Aaron and Melissa Klein, the Oregon bakers who refused to make a cake for the wedding of two women, filed new documents Thursday with the Oregon Court of Appeals in response to the same-sex couple’s arguments that the Kleins had no legal right to refuse them service.
“We are hopeful that these judges will understand that [Oregon officials] violated Aaron and Melissa’s rights, including rights of free speech and due process that judges tend to respect regardless of judicial philosophy,” Ken Klukowski, a lawyer for the bakers, said.
In the new brief, the Kleins’ lawyers challenge the argument that the government can force citizens to create art and engage in speech that goes against their religious beliefs.
“None of this would have happened had everyone simply lived in peace according to their own beliefs,” Klukowski, senior counsel for First Liberty Institute, a conservative legal group representing the Kleins, told The Daily Signal.
The Kleins initially filed their appeal in April, challenging the July 2015 decision by the Oregon Bureau of Labor and Industries that they had discriminated against Rachel and Laurel Bowman-Cryer, the lesbian couple who the Kleins declined to serve.
An administrative judge for the state agency ordered the Kleins to pay the Bowman-Cryers $135,000 for physical, emotional, and mental damages.
The Bowman-Cryers, responding to the appeal to Oregon’s second-highest court, argued the agency’s ruling should stand.
The Kleins’ new legal brief was the last step before both parties head to the appeals court for oral arguments.
The Kleins paid the ordered $135,000 in damages—plus interest—in December. The Bowman-Cryers have not received the money, which is being held in a separate account by the Oregon Bureau of Labor and Industries until the appeals process plays out.
The dispute began in January 2013, when Aaron Klein told Rachel Cryer that the Kleins’ bakery, Sweet Cakes by Melissa, would not make the wedding cake after learning it was for two women.
The Kleins are Christians and say they believe marriage is the union of one man and one woman.
The Bowman-Cryers, now married, filed a complaint with the Oregon Bureau of Labor and Industries under the state’s public accommodation law, which bans discrimination based on sexual orientation.
The Oregon agency pursued charges against the Kleins on behalf of the same-sex couple.
Up until recently, the Bowman-Cryers had not spoken publicly about their case, and declined multiple interview requests from The Daily Signal through their lawyers.
But on Tuesday, the couple broke their silence.
“In recent months we’ve decided to speak out for one primary reason,” Rachel and Laurel Bowman-Cryer wrote in The Advocate, a publication focused on LGBT issues. “We don’t want any person or family to go what we’ve gone through. Every family deserves respect, dignity, and a life free from discrimination and harassment.”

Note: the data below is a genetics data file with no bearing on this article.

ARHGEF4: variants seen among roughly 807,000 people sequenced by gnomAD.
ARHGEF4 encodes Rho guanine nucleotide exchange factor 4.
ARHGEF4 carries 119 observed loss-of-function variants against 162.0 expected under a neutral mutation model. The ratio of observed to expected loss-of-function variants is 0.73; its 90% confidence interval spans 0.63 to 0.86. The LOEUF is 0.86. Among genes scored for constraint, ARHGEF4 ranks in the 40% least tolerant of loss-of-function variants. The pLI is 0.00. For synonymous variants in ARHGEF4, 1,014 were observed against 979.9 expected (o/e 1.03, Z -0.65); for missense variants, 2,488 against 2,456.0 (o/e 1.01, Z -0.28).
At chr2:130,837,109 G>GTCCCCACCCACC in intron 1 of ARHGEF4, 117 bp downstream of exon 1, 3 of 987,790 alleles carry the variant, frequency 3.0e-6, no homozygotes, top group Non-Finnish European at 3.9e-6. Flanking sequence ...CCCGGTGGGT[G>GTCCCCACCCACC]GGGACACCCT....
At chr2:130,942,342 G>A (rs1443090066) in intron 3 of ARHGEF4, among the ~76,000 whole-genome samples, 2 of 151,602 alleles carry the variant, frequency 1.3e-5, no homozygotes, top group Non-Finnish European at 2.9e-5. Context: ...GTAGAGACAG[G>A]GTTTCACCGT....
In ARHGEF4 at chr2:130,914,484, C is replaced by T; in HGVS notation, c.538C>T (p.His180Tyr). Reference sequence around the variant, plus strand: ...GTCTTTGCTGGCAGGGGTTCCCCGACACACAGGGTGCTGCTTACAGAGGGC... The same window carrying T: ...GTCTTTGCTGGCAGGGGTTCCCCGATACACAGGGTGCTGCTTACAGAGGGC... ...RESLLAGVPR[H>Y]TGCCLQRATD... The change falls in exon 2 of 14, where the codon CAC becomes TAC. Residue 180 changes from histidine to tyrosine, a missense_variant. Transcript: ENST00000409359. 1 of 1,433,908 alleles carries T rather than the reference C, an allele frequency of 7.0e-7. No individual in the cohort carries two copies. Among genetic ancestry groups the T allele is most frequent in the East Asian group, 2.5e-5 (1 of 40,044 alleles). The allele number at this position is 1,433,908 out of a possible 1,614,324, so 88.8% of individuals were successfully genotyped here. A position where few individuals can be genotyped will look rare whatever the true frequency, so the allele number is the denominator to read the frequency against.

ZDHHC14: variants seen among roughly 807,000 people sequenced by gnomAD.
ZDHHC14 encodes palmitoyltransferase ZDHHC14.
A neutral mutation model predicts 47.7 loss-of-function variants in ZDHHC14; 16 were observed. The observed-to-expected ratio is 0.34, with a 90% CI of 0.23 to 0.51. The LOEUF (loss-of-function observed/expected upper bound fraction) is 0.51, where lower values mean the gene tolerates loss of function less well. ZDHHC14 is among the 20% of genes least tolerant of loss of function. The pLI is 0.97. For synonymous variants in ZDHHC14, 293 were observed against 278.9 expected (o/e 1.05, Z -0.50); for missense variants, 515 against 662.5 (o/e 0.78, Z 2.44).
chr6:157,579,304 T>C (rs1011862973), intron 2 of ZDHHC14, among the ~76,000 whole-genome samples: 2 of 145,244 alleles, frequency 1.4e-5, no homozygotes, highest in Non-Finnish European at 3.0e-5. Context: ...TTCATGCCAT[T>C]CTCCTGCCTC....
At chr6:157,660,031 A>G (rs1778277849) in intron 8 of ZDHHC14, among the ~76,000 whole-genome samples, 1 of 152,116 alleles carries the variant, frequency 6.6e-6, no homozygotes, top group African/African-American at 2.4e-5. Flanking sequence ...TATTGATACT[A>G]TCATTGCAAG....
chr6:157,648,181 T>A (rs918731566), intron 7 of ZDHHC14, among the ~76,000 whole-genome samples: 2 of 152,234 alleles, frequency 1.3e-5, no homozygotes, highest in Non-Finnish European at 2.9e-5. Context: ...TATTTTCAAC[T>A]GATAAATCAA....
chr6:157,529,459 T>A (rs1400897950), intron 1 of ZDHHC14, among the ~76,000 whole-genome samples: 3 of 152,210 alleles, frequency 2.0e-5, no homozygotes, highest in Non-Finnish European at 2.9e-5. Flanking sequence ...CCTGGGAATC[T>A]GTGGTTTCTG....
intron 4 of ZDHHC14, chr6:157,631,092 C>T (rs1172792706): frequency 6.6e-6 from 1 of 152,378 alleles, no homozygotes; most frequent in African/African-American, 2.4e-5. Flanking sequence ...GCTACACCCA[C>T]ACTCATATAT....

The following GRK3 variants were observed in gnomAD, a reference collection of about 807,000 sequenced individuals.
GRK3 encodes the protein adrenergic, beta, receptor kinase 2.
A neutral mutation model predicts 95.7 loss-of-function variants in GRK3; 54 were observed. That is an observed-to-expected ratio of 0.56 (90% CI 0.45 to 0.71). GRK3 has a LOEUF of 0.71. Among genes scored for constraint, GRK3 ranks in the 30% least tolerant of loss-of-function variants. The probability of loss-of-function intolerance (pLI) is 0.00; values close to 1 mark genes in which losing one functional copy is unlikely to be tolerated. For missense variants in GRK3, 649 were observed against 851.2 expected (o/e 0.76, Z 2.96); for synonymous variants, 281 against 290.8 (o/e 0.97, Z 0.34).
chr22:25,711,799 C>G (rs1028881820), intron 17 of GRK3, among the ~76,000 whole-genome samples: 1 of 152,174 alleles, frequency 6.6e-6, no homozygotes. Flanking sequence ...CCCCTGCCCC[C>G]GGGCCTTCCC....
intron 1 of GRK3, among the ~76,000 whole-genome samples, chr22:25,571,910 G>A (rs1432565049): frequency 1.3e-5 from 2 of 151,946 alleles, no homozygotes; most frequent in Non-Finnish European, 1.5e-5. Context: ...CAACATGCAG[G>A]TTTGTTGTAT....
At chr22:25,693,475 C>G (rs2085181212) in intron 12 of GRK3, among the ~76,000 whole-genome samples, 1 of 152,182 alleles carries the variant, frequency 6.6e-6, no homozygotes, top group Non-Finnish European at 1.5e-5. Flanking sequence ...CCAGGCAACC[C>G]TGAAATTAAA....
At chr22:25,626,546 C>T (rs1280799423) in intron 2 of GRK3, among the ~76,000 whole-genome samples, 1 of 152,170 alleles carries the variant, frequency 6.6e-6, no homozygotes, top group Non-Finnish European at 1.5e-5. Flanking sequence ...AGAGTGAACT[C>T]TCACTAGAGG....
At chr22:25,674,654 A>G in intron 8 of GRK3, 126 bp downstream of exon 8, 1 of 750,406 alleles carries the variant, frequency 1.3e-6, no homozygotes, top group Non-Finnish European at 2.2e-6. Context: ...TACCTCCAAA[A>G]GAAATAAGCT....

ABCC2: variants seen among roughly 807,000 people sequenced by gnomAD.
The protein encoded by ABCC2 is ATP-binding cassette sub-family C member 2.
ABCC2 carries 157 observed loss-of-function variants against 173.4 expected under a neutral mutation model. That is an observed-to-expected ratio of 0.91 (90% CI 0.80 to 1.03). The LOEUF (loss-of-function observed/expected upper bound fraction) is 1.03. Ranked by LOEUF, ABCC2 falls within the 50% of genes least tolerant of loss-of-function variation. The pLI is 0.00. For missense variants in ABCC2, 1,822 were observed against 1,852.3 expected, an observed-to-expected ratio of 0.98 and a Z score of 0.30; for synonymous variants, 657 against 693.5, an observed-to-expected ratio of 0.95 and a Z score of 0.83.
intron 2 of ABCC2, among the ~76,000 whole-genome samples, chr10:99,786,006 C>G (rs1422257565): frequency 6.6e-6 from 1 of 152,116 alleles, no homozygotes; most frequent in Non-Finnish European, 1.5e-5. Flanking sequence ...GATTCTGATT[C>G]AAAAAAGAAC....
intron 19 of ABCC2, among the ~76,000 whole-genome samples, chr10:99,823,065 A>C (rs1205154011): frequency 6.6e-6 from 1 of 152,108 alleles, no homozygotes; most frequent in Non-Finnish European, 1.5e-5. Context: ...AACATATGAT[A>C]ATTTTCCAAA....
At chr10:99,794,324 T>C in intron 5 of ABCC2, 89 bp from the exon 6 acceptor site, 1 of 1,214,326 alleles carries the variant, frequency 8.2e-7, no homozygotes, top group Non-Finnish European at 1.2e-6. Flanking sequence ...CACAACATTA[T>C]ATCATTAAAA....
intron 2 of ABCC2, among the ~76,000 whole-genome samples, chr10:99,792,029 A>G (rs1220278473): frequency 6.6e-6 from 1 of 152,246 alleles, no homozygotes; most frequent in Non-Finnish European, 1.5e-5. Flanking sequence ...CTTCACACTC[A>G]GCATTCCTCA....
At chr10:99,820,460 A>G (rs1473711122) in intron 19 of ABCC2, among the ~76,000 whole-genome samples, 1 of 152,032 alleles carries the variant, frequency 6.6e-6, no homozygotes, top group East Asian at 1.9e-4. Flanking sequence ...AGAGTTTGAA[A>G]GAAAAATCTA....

The couple also shared why they got married:
Part of the reason we decided to get married in the first place was to provide stability for our daughters. Before we became engaged, we became foster parents for two very high-needs girls after their mother, a close friend of ours, died suddenly. Lizzy, now 9, has cerebral palsy, autism, and a chromosomal disorder that causes developmental delays. Anastasia, now 7, has Asperger’s and stopped speaking when her mother died.
While the case wound its way through the courts, we won full adoptive custody of Lizzy and Anastasia, and they are the light of our lives.
For their part, Aaron and Melissa Klein chose to participate in some media interviews, including with The Daily Signal. The couple also launched a fundraising account that has brought in close to $500,000.
In their article, the Bowman-Cryers described the Kleins’ as “media darlings of the right wing.”
In interviews with The Daily Signal, Melissa Klein became emotional describing the hardships the family of seven also has faced because of the case, including closure of the bakery. (The Daily Signal documented some of the backlash here.)
Klukowski, the lawyer who represents the Kleins, said the couple “never wanted to have to go through this ordeal” and had sought only “to run their little bakery consistent with their Christian faith as their ministry to their neighborhood.”
He said in an email to The Daily Signal:
Leftist media outlets have grossly and irresponsibly exaggerated the amount the Kleins received when generous Americans heard that the Kleins’ business was being driven into the ground due to this case, and $135,000 from that generosity had to be turned over to the [Oregon Bureau of Labor and Industries] to hold in escrow in order for this appeal to be pursued.
Aaron and Melissa continue to suffer from lack of good job opportunities, and lack of educational opportunities for their children, because of the government’s draconian pursuit of them and their family, aided by the relentless mocking and derision of liberal media outlets and intolerant activists, fueling ongoing hurtful attacks on their family.
Lawyers for the Kleins said the case likely will go on regardless of the decision by the Oregon Court of Appeals, perhaps all the way to the U.S. Supreme Court.